At first glance, one wonders why Mazda decided to enlarge their midsize sedan, a vehicle that was considered the enthusiast's choice in its segment. Then it dawns on you: "Ah yes", you say, "Mazda actually wanted to sell some of their cars".
Now don't assume Mazda's first-generation 6 was a flop. No, that replacement for the 626 was quite successful indeed. Battling with the larger Toyota Camry, Honda Accord, and Nissan Altima (whose success ranks in that order) made life for the 6 difficult, however. The new 6 is more than four inches longer than the Camry while also being slightly wider with an extra half-cubic foot of space for passengers and a trunk that's 1.6 cubic feet larger.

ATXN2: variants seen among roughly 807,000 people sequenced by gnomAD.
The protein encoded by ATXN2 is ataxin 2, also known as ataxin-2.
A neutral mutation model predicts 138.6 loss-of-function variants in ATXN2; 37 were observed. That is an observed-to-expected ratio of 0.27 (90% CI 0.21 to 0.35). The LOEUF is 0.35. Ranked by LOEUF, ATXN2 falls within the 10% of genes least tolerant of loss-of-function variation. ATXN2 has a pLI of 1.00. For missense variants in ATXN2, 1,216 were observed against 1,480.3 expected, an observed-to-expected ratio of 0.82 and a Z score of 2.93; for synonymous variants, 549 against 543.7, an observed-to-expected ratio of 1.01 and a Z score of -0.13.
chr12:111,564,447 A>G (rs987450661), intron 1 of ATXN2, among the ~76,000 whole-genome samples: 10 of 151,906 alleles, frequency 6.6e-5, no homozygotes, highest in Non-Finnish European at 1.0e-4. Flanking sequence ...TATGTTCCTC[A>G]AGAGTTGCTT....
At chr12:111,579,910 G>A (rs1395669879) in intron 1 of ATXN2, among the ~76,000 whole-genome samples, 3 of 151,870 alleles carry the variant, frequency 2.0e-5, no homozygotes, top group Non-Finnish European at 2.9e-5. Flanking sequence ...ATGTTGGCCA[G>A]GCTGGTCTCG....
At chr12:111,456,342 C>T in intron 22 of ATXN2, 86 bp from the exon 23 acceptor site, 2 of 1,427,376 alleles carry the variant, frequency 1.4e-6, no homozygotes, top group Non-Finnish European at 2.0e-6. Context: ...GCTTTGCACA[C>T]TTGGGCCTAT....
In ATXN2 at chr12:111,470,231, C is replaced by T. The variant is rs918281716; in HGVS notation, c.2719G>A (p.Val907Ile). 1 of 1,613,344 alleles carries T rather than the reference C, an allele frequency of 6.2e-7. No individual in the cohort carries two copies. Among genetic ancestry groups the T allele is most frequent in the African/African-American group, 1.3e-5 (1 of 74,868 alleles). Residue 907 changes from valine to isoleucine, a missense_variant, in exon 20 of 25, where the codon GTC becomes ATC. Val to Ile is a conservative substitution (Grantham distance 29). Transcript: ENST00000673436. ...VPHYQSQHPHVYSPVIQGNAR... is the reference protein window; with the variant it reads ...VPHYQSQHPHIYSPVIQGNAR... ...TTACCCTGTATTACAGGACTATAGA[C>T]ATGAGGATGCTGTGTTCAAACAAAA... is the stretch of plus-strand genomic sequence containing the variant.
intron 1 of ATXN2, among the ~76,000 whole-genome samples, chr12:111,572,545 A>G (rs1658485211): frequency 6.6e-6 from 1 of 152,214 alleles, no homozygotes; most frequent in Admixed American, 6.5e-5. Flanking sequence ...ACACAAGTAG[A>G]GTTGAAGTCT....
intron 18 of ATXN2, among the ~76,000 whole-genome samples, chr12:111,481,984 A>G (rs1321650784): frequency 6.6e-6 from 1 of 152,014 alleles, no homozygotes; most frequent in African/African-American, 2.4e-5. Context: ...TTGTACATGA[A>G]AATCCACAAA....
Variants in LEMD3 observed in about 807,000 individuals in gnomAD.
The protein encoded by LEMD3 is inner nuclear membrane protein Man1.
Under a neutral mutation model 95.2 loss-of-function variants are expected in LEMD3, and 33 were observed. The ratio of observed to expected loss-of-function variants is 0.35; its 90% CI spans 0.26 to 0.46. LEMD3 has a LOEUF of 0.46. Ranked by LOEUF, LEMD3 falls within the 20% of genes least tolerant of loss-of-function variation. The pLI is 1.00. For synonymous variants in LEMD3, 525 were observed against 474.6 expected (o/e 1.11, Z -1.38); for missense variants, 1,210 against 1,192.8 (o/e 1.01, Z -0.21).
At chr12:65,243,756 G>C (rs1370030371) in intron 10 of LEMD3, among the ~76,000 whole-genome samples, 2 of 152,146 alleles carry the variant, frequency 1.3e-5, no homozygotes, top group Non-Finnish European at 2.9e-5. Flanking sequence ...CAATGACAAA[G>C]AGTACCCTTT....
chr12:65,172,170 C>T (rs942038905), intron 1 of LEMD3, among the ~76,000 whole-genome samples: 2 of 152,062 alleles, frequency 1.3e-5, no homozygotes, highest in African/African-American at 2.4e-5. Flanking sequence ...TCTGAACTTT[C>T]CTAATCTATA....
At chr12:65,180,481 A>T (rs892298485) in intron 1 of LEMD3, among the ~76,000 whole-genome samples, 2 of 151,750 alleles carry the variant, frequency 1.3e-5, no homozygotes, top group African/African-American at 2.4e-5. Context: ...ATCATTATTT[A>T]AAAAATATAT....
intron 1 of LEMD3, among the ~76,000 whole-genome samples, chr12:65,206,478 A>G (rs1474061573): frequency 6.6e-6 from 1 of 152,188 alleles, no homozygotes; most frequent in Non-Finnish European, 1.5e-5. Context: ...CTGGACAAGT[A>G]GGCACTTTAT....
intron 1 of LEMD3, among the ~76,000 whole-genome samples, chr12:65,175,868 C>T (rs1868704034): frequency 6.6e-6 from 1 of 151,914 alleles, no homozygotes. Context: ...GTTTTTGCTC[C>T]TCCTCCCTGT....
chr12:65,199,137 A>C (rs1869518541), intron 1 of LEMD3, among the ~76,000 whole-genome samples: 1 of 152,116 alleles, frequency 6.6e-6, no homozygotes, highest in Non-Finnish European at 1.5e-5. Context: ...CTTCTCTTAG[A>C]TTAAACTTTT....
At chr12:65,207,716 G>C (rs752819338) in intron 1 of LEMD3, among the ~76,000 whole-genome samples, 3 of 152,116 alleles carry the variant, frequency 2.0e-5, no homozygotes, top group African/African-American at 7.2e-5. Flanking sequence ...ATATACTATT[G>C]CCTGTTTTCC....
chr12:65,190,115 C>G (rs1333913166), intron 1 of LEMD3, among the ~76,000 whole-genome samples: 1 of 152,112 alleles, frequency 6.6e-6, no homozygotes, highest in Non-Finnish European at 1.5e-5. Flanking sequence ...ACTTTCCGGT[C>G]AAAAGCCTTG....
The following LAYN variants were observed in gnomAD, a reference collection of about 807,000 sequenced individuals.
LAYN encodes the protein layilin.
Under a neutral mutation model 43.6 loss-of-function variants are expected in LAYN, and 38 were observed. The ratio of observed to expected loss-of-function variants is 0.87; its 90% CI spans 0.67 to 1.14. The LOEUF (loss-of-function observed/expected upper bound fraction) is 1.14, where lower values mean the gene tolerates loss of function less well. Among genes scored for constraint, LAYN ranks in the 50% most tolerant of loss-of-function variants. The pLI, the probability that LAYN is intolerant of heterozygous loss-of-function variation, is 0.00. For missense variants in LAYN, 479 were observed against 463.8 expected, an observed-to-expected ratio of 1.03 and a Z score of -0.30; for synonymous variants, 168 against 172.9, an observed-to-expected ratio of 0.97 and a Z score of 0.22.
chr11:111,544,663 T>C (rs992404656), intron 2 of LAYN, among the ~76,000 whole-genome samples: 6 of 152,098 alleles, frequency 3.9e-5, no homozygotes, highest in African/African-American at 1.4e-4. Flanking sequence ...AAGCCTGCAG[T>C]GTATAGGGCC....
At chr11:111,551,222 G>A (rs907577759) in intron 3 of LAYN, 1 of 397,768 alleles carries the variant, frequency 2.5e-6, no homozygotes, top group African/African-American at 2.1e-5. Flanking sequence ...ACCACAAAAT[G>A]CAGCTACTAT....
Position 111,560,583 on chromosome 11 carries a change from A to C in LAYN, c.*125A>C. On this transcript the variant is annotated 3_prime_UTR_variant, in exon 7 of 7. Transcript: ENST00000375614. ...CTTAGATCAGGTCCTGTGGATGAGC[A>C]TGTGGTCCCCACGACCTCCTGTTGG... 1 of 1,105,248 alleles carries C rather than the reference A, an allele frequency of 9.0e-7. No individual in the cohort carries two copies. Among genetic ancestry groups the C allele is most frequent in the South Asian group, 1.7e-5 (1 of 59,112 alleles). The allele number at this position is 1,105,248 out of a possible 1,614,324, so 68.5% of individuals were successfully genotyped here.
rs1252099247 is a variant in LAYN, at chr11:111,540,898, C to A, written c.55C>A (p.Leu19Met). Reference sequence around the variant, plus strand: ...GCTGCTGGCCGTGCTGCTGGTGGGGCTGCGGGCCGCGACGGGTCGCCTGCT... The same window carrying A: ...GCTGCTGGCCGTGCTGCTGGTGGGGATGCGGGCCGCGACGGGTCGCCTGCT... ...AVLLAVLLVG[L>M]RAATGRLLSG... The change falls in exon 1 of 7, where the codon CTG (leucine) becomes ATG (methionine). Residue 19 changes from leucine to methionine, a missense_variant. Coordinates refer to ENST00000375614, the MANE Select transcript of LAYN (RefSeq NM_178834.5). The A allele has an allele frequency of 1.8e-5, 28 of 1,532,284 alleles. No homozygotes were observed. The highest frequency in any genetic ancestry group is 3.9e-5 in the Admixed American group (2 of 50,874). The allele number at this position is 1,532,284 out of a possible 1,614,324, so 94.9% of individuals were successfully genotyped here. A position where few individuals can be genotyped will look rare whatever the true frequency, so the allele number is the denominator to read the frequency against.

All that says is that the 6 is finally on level ground. With prices that take the fight squarely to the Camry and Accord, the 6 doesn't soundly win the value quotient game, either. If all is square up to this moment, the appearance of a 6 in front of midsize buyers ought to help put them over the edge. Mazda's midsizer isn't grandfatherly like the Camry, excessive like the Altima, or forgettable like the Accord. Now you can have an average sedan that is typical in every way but actually excites the eyes. It's been a while.
Engines: 175 horsepower and 167 lb-ft of torque from a 2.5L four-cylinder and 272 horsepower and 269 lb-ft of torque from a 3.7L V6
City Mileage: 17-21 mpg
Base USD Price: $19,220
Anything Else? The 6s induction into The Good 12 for 2009 basically comes as a result of bettering the Honda Accord, a member of The Good 12 last year. Competitors in what can easily be argued is the most competitive segment in North America are, for the most part, excellent. Every one of them. The Mazda adds visual flair with value; Honda's Accord does not.